As I've mentioned, the Email Interview began life years back on the Writers Guild of America website. I came up with a set of generic questions about writing with I would send out and let the recipients do all the work. On occasion though, I'd include a question or two more specifically directed to the writer doing the interview. In this case, I was a bit friendly with Phil Robinson and had heard him tell some of his stories often. So, I threw in a bunch of them extra here.
Phil Alden Robinson
Edited by Robert J. Elisberg
After beginning his career making industrial and educational films, Phil Alden Robinson decided to try his hand at network television and sold material to the show "Trapper John, M.D." Unfortunately, a series of strikes created several roadbumps, and his hoped-for career was forced to take a detour. As a result of one of these diversions, however, a screenplay he had written received notice from the movie studios.
Eventually, Robinson made a most auspicious screenwriting debut into feature films in 1984. That year, he had two major movies released -- the award-winning "All of Me," and "Rhinestone," a script he dearly loves in its original draft and of which he was an outspoken critic of the process which caused its resultant changes. Three years later, he wrote the 1940s period comedy, "In the Mood," which also marked his directing debut.
It was his next movie, however, which brought Phil Robinson to major attention, "Field of Dreams." The film was nominated for three Academy Awards, including Best Picture, and Robinson himself received a Best Screenplay Adaptation nomination. The movie, which he directed, won the coveted Christopher Award and Robinson was named "Screenwriter of the Year" by the National Association of Theatre Owners.
Most recently, he co-wrote and directed the comedy-thriller "Sneakers." Robinson has also returned to his very early newscaster roots (on WGY radio and WRGB-TV) with a series of documentary reports on Bosnia and Somalia for the ABC news program, "Nightline."
In 1990, he was named "Screenwriter of the Year" by the National Association of Theatre Owners.
[Subsequent to this interview, Phil Robinson wrote and directed the TV film, “Freedom Song.” He directed the feature “The Sum of All Fears” and recently completed directing “The Angriest Man in Brooklyn.”]
>> Were there any movies, TV shows or books that first got you interested in writing?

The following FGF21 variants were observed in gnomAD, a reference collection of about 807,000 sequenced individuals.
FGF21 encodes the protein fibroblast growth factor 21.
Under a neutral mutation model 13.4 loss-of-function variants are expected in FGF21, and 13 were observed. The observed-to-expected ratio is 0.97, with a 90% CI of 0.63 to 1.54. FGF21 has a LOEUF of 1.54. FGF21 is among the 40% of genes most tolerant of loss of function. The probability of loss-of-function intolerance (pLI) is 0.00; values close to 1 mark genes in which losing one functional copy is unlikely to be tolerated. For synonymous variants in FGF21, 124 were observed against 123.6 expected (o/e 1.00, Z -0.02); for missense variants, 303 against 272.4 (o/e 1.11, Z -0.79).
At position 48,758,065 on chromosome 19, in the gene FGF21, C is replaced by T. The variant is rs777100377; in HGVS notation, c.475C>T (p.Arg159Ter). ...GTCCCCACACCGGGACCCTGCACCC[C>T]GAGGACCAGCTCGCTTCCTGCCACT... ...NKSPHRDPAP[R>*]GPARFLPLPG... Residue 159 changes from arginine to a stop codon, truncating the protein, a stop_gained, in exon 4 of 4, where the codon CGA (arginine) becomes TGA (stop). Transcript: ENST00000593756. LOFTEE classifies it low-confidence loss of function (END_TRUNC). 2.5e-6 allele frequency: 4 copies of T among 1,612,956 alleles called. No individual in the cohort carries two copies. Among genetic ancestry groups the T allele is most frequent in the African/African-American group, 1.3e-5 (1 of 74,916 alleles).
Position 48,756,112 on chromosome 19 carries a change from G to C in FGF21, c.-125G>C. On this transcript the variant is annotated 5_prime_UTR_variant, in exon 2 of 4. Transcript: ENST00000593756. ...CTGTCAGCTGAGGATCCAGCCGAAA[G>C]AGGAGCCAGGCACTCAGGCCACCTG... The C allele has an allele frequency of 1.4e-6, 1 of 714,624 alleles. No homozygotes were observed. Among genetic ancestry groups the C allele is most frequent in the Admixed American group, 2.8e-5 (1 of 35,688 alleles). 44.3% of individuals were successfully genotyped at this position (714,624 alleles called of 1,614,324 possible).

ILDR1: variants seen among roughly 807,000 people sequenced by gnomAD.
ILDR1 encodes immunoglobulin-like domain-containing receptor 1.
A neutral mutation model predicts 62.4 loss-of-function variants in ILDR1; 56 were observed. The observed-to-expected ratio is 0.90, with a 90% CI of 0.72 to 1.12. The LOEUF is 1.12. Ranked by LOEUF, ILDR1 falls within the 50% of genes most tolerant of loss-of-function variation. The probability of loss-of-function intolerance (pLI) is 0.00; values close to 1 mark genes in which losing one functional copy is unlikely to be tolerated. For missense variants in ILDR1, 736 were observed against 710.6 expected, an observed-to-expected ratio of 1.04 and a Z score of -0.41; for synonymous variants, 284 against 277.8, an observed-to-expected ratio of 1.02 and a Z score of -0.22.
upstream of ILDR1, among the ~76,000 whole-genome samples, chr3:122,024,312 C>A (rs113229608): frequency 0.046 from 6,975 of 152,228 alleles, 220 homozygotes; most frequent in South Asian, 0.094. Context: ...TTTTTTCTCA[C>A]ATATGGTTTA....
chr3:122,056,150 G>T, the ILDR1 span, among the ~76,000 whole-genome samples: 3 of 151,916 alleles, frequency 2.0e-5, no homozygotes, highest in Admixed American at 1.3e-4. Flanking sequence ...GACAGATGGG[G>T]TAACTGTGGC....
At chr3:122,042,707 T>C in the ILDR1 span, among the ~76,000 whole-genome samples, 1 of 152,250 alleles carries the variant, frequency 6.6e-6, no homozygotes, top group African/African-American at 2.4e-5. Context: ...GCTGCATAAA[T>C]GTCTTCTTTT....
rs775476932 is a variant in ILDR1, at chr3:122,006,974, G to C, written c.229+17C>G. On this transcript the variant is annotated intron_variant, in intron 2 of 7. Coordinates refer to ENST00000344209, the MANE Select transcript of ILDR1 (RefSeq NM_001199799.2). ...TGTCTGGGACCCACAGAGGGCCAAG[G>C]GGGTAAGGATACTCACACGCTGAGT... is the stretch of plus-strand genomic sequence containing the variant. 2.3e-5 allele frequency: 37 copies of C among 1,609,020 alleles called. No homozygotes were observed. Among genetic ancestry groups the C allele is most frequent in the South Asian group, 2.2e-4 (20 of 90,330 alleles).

PAR>> "The Benchley Roundup", a collection of humorous columns by Robert Benchley. I got it when I was about 12, and it thrilled me to see how funny and inventive one could be with just words.
>> When you write, how do you generally work?
PAR>> I'm sort of a slob about this, in that I tend to fool myself into thinking I'll concentrate better if I get all the odds and ends of life done first. But when the ideas are flowing freely (read: when the deadline is looming) I will get up early and write until my head drops from lack of sleep. And I must confess I rather like it when that happens. Makes me feel like a real writer.
>> Do you have any specific kind of music playing or prefer silence? Are you a good procrastinator?
PAR>> I do play music when I write, usually jazz (no lyrics). But lately I've discovered that Mahler is fantastic to write to. And yes, I am a world-class procrastinator.
>> What sort of characters interest you? What sort of stories?
PAR>> I have the same criterion for characters as for stories: I want to be surprised.
>> What was it specifically that made you want to adapt W.P. Kinsella's "Shoeless Joe" into "Field of Dreams."
PAR>> I loved how the book kept turning unexpected corners without blowing its emotional credibility. It walked a terrifically thin tightrope without falling to its death. And the moment when the young Archie Graham transformed into the aged Doctor struck me when I first read it as a stunningly visual moment. Unfortunately, I didn't come remotely close to capturing that on film, but the story moment is so strong that the lack of an exciting visual means of showing it didn't hurt us too much.